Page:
Here I try out my bodice and straps

Now I'm visualizing the hem band
Once I had an arrangement I liked, I repeated it to account for the back.  Next, sew your rows together, remember we are using a 1/4" seam allowance. I serged mine, but charm squares are cut with a pinked edge, so finishing the seam is not necessary.  I labeled each row so I would keep then in the right order.  Here you can see that I have each row twice as long as above.

After sewing your rows, press all the seam allowances to one side. Now you are ready to sew your rows together.  Match each block seam to the center of the block below it and pin. Sew (again I serged) and press the seam allowances down.

The final step is to trim the extra half a block on each end of the middle row.

You now have your finished 'fabric' for your skirt.  If your skirt is a rectangle measure your patchwork fabric and trim as needed for the correct size.  You can also use your patchwork fabric for other shaped pattern pieces. Simply place your pattern piece on the fabric and cut as you normally would.

Because I included front and back measurements in my patchwork fabric I only needed to sew a single side seam to complete my skirt. If you are adding a hem band as on the Sweet Summer Halter, I suggest waiting to cut it until you have completed your patchwork. Measure your skirt before cutting the hem band to make sure your hem band the right width.  Now simply finish your dress as you would with any pattern!

 We went to the park on this beautiful, spring day and Sweet Pea had a great time playing in her Patchwork Sweet Summer Halter.

Here's your Sweet Summer Halter Details:

Friday, April 10, 2015

A Year of Dresses: Easy Peasy Peasant

A Year of Dresses would not be complete with out another look at the Easy Peasy Peasant Pattern.  Perhaps I'm biased, but it is the cutest, easiest, most versatile, peasant dress out there. If Sweet Pea didn't already have 52 dresses in her closet (only a slight exaggeration...), I'd be whipping up a bunch of these for careless summer days.  I'll likely make her a couple more even though she doesn't need them!

The Easy Peasy Peasant pattern is available in both baby and girls sizes.  You can purchase them separately, Baby sizes from 0-24 months and girls sizes from 2-10 or purchase all ten sizes bundled together at a discounted rate.  With long, 3/4, short, and flutter sleeve options you will grab this pattern all year long!  Add the hem ruffle, I personally love it, or choose a plain hem for an even quicker sewing project. With start to finish time coming in around an hour, this dress is great for last minute gifts, tomorrow's sports game, and stock in your booth.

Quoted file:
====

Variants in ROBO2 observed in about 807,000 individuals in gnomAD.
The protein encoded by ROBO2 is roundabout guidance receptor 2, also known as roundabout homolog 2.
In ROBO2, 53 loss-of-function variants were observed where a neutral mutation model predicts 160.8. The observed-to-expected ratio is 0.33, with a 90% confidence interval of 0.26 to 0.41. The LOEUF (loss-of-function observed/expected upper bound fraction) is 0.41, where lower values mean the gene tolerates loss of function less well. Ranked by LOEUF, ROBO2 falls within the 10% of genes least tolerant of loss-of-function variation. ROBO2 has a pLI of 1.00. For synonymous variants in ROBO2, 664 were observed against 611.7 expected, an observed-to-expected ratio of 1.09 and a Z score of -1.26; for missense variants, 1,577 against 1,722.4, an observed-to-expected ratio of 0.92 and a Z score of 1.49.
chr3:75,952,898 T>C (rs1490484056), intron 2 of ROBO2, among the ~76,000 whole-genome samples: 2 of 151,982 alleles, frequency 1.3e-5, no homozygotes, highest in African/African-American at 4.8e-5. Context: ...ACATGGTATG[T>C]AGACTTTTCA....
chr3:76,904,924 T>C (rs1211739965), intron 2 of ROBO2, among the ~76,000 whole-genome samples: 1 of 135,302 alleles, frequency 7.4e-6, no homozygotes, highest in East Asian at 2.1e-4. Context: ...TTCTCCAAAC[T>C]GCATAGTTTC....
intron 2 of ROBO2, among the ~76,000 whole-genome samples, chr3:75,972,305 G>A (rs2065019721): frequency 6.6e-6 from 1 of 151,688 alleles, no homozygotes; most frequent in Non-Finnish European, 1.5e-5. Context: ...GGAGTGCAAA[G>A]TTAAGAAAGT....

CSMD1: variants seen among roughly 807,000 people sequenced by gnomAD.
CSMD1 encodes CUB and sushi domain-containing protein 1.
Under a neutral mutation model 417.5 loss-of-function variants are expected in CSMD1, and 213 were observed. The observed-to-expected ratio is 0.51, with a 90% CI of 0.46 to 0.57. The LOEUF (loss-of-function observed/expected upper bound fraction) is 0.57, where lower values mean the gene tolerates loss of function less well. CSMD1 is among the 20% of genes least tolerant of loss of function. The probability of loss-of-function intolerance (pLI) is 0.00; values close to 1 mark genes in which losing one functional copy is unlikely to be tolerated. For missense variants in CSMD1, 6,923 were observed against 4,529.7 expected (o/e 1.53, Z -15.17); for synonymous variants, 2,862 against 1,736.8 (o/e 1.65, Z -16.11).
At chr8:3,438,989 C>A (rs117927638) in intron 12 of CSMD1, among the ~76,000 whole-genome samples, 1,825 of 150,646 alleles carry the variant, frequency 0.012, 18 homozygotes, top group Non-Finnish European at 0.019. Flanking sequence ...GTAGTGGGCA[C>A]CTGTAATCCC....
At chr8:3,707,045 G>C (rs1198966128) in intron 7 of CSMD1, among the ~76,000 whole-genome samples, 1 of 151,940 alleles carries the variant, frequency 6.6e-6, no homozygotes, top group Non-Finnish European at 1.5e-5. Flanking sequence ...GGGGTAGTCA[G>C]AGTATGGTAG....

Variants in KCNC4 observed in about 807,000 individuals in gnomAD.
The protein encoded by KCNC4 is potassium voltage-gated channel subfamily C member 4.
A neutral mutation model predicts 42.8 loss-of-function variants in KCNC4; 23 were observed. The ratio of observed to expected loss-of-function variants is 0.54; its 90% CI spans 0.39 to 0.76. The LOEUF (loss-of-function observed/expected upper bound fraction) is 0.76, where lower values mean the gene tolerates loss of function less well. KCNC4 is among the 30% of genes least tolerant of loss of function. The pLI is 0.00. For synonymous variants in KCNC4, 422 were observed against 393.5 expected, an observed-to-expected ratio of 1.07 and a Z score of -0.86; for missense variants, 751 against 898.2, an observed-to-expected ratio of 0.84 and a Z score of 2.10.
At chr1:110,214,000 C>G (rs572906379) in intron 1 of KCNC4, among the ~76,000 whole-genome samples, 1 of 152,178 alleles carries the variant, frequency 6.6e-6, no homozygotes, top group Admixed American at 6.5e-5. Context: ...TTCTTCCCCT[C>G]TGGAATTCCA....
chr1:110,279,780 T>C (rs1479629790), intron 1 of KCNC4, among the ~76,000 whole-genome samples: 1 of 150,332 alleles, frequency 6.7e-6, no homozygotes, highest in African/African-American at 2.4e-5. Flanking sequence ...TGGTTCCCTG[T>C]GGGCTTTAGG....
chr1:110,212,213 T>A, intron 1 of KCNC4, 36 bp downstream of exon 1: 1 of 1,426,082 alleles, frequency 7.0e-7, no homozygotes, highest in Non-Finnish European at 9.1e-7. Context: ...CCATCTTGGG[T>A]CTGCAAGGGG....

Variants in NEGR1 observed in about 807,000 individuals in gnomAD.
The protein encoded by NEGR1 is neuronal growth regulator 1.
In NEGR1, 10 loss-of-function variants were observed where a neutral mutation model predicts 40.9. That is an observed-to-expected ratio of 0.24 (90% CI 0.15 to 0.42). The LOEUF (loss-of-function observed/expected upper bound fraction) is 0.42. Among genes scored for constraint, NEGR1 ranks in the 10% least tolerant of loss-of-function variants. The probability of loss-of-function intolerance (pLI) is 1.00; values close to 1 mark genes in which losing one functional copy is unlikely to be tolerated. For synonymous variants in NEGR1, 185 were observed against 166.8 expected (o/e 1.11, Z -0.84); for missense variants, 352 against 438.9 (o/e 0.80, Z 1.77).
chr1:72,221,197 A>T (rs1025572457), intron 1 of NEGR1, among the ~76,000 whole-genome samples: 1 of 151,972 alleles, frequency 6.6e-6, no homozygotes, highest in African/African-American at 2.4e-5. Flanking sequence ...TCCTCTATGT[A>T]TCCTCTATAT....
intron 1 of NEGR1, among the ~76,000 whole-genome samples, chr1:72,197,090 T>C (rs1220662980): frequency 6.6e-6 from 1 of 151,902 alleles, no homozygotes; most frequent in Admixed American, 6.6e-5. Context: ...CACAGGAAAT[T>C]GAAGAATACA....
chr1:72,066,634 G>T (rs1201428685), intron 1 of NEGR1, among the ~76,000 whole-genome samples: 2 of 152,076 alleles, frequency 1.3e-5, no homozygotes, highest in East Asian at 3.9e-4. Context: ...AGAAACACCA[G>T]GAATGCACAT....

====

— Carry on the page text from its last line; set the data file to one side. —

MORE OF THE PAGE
Here's a quick peek at the four sleeve and two hem options.  Today Sweet Pea is wearing short puff sleeves with a ruffle.

You can also choose to omit the elastic from the sleeves for an 'angel' sleeve look. This also shows a plain hem.

Flutter sleeves with a ruffle.  So perfect for summer!

I love the look of 3/4 sleeves, this one also shown with a ruffle.

Dress by tester from Daker Girls Designs.
`And of course long sleeves with no ruffle.   A perfect look with leggings and boots for winter!

The perfect a-line shape really makes this dress stand out.  This is not a boxy peasant, but has been carefully drafted to have a slimmer upper body and lovely, stand out, a-line hem.  It looks so sweet on!  Embellishment options are endless on this dress.  I added ribbon and lace to the ruffle seam on this dress for the perfect finish.

Other great options include a bow as shown above, see how to make it in this post; try a double layer flower from Jen's free tutorial, or perhaps a couple cute gathered pockets for storing treasures! 

While you're sewing for spring and summer be sure to grab your Sterling Shorties and Leggings pattern too. This is another pattern that I grab constantly.  Today Sweet Pea is wearing Shorties hemmed, instead of adding the ruffle, and they are perfect for little girl modesty! I add them under just about all her dresses and skirts then don't worry about playing at the playground.  I actually need to whip up several new pairs now that our weather is nice.  This pair is from last year and while they still fit just fine, the length is 12-18 months and I'd like them a wee bit longer.  If you remember from a few weeks back, Sweet Pea's waist is still 12-18 months but she needs a 2T length on her legs. Of course the one time I would like a picture of her shorts she was being quite ladylike!

Here's your quick pattern rundown for this week.

  • Easy Peasy Peasant Dress pattern for sizes 0-3 months through girls 9/10
  • Four sleeve options
  • Ruffled or plain hem
  • Perfect fit and a-line shape
  • Beginner level pattern
  • Quick project. Make it during nap or after dinner